Join now

Maggie: Maggie Moo Does Korea

In our InterNations Recommended Blog section we let you take the spotlight! Expat life in general is, of course, a perfect breeding ground for great, user-generated reads, and life in South Korea makes no exception. Take your time and browse the great blogs showcased in this article!

Please tell us a little bit about yourself. Who you are, where you come from, when you moved to South Korea, etc.

My name is Maggie Smith, better known as Maggie Moo. I am from Madison, Wisconsin and I have a crazy sense of wanderlust. I’ve only just moved to Seoul South Korea this summer and so far I am in love!

When and why did you decide to start blogging about your experiences?

I started blogging about SK a few months before I actually left. I wanted to document my process from application all the way through to completion of my contract in hopes it would make it easier for those considering teaching abroad in South Korea.

Do you have any favorite blog entries of yours?

 “My Butt is too big for Korea

Tell us about the ways your new life in South Korea differs from that back home. Did you have trouble getting used to the new circumstances? Did you experience culture shock?

When I first got to Seoul, it was actually in the middle of a typhoon! All of the Koreans were very calm as the American panicked. It was a humorous, even if mildly terrifying, introduction to Korea. My culture shock hasn’t been too bad but when I arrived I had an apartment without a bed...that was a huge surprise. My school delivered me a new one the next day.

Do you think you were fully prepared for what awaited you in South Korea? If you could, would you change some decisions/preparations you made?

Prepared? Not at all, but that’s part of the adventure, isn’t it? There is something very liberating about being dropped off in the middle of a place you’ve never been. I believe getting lost is the best way to get to know a city. I was mugged a day before I arrived in Korea, so my optimism was at an all time high because I was still in disbelief that I had even made it at all. The only thing I would change would be to do a bit more research about the airline I flew with. One suitcase vs. two makes a big difference when you have committed to teaching abroad for a year.

Every expat knows that expat life comes with some hilarious anecdotes and funny experiences. Care to share one with us?

The first day I arrived in Korea people began touching my hair, constantly! I have quite curly hair so I imagine it is much different. Literally everywhere, on the street, the subway, in chicken shops, at bars I even had a police officer bounce one of my curls and comment on my “lovely afro.” It took some getting used to...and loads of extra hair products.

Which three tips would you like to give future expats before they embark on their new life in South Korea?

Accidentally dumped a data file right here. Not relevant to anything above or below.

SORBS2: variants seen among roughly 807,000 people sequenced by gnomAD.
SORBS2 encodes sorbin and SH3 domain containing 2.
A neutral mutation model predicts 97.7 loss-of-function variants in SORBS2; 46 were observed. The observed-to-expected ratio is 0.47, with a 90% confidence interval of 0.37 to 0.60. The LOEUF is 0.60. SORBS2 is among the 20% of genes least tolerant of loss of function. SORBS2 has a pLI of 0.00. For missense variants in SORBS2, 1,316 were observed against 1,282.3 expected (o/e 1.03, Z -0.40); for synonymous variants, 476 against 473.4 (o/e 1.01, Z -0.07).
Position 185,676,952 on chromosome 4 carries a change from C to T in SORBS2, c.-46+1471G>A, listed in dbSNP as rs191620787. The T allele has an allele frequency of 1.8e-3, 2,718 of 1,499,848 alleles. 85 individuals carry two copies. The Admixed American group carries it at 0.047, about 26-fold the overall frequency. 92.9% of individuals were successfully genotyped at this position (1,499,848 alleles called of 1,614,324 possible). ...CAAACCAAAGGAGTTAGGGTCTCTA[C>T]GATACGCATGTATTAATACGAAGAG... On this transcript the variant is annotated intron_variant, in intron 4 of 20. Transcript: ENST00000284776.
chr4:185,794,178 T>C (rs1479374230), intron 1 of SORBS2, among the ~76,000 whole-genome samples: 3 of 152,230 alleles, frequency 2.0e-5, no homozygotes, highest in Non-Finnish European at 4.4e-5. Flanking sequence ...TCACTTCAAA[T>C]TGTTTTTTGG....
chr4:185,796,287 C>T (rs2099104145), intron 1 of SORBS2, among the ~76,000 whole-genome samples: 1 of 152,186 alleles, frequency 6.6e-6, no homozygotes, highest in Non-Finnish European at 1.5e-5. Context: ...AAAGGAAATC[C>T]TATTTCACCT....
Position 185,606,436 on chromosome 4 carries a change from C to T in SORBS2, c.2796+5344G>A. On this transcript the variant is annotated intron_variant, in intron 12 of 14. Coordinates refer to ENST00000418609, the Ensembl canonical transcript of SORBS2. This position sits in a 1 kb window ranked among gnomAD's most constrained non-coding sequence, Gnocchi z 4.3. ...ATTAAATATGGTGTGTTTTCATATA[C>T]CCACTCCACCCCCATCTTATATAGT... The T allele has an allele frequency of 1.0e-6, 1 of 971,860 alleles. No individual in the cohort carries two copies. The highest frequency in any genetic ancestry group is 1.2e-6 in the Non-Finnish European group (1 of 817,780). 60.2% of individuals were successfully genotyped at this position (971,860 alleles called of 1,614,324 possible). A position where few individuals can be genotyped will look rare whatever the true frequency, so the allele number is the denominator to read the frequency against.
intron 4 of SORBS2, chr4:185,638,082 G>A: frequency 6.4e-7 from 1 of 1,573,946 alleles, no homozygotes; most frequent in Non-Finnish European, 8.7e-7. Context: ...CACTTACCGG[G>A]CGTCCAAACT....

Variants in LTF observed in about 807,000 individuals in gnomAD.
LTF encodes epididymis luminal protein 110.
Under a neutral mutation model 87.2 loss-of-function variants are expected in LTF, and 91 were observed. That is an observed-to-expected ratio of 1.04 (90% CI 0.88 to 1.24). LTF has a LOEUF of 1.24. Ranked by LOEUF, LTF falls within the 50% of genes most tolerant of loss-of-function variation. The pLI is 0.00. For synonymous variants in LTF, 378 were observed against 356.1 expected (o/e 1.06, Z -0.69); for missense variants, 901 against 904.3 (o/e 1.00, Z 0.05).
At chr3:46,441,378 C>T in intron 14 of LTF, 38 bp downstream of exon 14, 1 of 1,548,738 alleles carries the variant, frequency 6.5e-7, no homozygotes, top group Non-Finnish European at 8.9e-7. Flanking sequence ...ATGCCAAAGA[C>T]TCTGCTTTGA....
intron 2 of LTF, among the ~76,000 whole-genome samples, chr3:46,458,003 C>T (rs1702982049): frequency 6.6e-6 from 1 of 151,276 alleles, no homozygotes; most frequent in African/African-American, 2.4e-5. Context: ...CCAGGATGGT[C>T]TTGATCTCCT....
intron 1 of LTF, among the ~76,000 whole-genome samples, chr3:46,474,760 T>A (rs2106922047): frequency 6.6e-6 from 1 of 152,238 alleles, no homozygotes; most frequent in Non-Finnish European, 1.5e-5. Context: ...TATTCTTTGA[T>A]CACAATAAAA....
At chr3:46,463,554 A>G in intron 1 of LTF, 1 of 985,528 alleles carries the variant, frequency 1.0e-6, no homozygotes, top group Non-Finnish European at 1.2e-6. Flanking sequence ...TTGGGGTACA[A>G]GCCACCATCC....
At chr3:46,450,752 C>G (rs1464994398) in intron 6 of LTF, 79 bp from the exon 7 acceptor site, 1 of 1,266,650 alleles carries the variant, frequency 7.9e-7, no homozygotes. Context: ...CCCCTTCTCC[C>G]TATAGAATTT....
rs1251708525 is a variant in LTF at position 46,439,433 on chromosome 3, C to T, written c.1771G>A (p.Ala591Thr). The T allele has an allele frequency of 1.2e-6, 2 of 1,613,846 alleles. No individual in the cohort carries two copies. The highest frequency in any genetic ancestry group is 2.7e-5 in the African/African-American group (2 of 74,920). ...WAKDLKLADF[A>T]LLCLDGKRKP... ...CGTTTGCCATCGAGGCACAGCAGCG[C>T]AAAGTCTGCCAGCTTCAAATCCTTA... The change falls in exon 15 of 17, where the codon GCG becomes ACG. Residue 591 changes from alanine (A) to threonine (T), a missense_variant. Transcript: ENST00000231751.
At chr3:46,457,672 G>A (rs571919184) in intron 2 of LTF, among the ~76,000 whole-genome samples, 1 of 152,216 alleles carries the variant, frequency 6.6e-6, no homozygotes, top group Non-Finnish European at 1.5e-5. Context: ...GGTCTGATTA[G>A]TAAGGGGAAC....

• Be very aware that living in a non-native speaking country can be frustrating, so a good sense of humor is a plus! Accept the frustration, laugh about it and move on. Every time I had an odd or frustrating encounter I just told myself that it would make a great blog entry at the end of the day. I saw it as an investigative journalism piece and it didn’t seem so bad.
  • Don’t go abroad expecting things to be the same. The whole point of moving abroad isn’t so you can live the exact same way you do at home! Showers over here are crazy, the toilet water really does spin the other direction, floors are heated, good cheese is rare, kpop dominates the radio, bed sheets are much different and the ramen selection will blow your mind! You will learn to love all of it, or you will live with it!
  • Korean food- Eat all of it! Especially Kimchi, it might smell funny but it is delicious and unique! You might surprise yourself by being adventurous. Foods you would never touch at home taste entirely different over here and many of them are even an improvement on the originals! My favorite food is fried chicken and so far Korea has the best I have ever eaten!

How is the expat community in South Korea? Did you have a hard time finding like-minded people or fellow expats?

The expat community is great and also very large! There are so many expats who are eager to help you adjust, get you set up with a bank account, give advice or even just take you out for a welcome soju and beer. Also, there are loads of expats sports clubs and extracurricular activities to get involved in- I am joining a local rugby team!

How would you summarize your expat life in South Korea in a single, catchy sentence?

“There are times when it is beyond my imagination”-Jhumpa Lahiri

Vladimir Rostev

"InterNations not only helped me finding great business contacts but it moreover helped my family to quickly settle in."

Mia Lindberg

"Getting to know other Scandinavian women was so easy with InterNations. We quickly got connected and became friends."

Global Expat Guide

Top Articles Expat Guide